All Publications


  • Diamond formation kinetics in shock-compressed C─H─O samples recorded by small-angle x-ray scattering and x-ray diffraction. Science advances He, Z., Rodel, M., Lutgert, J., Bergermann, A., Bethkenhagen, M., Chekrygina, D., Cowan, T. E., Descamps, A., French, M., Galtier, E., Gleason, A. E., Glenn, G. D., Glenzer, S. H., Inubushi, Y., Hartley, N. J., Hernandez, J., Heuser, B., Humphries, O. S., Kamimura, N., Katagiri, K., Khaghani, D., Lee, H. J., McBride, E. E., Miyanishi, K., Nagler, B., Ofori-Okai, B., Ozaki, N., Pandolfi, S., Qu, C., Ranjan, D., Redmer, R., Schoenwaelder, C., Schuster, A. K., Stevenson, M. G., Sueda, K., Togashi, T., Vinci, T., Voigt, K., Vorberger, J., Yabashi, M., Yabuuchi, T., Zinta, L. M., Ravasio, A., Kraus, D. 2022; 8 (35): eabo0617

    Abstract

    Extreme conditions inside ice giants such as Uranus and Neptune can result in peculiar chemistry and structural transitions, e.g., the precipitation of diamonds or superionic water, as so far experimentally observed only for pure C─H and H2O systems, respectively. Here, we investigate a stoichiometric mixture of C and H2O by shock-compressing polyethylene terephthalate (PET) plastics and performing in situ x-ray probing. We observe diamond formation at pressures between 72 ± 7 and 125 ± 13 GPa at temperatures ranging from ~3500 to ~6000 K. Combining x-ray diffraction and small-angle x-ray scattering, we access the kinetics of this exotic reaction. The observed demixing of C and H2O suggests that diamond precipitation inside the ice giants is enhanced by oxygen, which can lead to isolated water and thus the formation of superionic structures relevant to the planets' magnetic fields. Moreover, our measurements indicate a way of producing nanodiamonds by simple laser-driven shock compression of cheap PET plastics.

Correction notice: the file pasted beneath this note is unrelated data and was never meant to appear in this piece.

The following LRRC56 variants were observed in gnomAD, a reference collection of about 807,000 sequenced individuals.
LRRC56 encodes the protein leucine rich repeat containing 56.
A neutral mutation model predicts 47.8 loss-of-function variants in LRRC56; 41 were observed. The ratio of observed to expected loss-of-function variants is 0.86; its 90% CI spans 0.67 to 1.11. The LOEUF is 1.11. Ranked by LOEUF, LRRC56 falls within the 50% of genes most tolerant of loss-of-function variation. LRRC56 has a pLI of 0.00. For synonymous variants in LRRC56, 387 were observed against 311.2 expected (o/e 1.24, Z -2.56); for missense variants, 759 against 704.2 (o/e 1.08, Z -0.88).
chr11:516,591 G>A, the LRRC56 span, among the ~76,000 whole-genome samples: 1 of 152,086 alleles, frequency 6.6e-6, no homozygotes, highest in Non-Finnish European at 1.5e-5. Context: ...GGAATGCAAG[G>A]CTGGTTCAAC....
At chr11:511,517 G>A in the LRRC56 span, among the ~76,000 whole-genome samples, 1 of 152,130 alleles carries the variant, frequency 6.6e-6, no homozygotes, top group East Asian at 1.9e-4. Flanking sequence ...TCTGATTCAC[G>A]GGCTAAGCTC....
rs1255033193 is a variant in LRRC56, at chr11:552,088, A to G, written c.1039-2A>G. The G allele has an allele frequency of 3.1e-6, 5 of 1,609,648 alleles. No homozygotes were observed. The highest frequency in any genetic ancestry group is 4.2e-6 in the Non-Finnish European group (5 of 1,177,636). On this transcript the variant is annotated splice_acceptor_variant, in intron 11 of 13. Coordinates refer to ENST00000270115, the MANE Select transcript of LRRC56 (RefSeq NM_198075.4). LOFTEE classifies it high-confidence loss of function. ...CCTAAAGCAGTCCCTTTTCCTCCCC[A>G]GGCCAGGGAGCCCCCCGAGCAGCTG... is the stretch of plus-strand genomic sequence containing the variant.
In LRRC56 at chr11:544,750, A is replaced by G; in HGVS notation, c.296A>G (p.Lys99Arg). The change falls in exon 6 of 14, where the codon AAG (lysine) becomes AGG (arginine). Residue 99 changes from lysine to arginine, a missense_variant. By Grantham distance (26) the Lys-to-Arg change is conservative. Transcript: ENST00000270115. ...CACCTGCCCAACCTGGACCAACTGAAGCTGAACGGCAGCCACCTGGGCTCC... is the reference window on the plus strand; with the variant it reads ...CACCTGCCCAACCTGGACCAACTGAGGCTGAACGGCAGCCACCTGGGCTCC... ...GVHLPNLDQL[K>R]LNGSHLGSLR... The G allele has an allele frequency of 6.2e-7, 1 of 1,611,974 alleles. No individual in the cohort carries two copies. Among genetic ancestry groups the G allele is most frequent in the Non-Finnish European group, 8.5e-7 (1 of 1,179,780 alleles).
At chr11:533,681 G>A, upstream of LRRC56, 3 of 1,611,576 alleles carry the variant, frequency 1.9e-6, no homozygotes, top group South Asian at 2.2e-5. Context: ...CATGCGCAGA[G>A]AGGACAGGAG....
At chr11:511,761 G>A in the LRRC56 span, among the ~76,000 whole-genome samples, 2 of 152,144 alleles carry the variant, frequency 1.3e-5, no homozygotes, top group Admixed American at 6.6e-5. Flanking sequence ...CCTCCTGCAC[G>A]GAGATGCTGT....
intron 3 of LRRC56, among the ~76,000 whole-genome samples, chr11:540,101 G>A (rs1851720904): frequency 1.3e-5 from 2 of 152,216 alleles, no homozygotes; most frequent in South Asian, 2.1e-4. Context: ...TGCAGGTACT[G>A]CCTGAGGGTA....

View details for DOI 10.1126/sciadv.abo0617

    View details for PubMedID 36054354

  • Ultrafast visualization of incipient plasticity in dynamically compressed matter. Nature communications Mo, M., Tang, M., Chen, Z., Peterson, J. R., Shen, X., Baldwin, J. K., Frost, M., Kozina, M., Reid, A., Wang, Y., E, J., Descamps, A., Ofori-Okai, B. K., Li, R., Luo, S., Wang, X., Glenzer, S. 2022; 13 (1): 1055

    Abstract

    Plasticity is ubiquitous and plays a critical role in material deformation and damage; it inherently involves the atomistic length scale and picosecond time scale. A fundamental understanding of the elastic-plastic deformation transition, in particular, incipient plasticity, has been a grand challenge in high-pressure and high-strain-rate environments, impeded largely by experimental limitations on spatial and temporal resolution. Here, we report femtosecond MeV electron diffraction measurements visualizing the three-dimensional (3D) response of single-crystal aluminum to the ultrafast laser-induced compression. We capture lattice transitioning from a purely elastic to a plastically relaxed state within 5 ps, after reaching an elastic limit of~25 GPa. Our results allow the direct determination of dislocation nucleation and transport that constitute the underlying defect kinetics of incipient plasticity. Large-scale molecular dynamics simulations show good agreement with the experiment and provide an atomic-level description of the dislocation-mediated plasticity.

    View details for DOI 10.1038/s41467-022-28684-z

    View details for PubMedID 35217665